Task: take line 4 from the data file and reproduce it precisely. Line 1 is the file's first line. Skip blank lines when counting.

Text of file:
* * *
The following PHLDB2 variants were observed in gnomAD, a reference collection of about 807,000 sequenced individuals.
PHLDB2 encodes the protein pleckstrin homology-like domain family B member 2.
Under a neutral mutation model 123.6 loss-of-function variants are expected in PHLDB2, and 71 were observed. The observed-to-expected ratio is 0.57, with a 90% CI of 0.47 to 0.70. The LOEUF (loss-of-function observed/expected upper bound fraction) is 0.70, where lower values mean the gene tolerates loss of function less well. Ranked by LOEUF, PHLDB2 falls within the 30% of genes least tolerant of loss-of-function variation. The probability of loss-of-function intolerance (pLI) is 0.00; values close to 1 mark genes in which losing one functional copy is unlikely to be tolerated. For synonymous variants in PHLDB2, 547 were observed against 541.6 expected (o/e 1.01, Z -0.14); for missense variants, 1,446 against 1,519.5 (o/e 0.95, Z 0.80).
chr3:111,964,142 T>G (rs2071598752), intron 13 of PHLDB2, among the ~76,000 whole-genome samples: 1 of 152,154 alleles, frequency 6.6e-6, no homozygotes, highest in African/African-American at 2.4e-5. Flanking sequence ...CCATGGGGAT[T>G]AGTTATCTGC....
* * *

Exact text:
chr3:111,964,142 T>G (rs2071598752), intron 13 of PHLDB2, among the ~76,000 whole-genome samples: 1 of 152,154 alleles, frequency 6.6e-6, no homozygotes, highest in African/African-American at 2.4e-5. Flanking sequence ...CCATGGGGAT[T>G]AGTTATCTGC....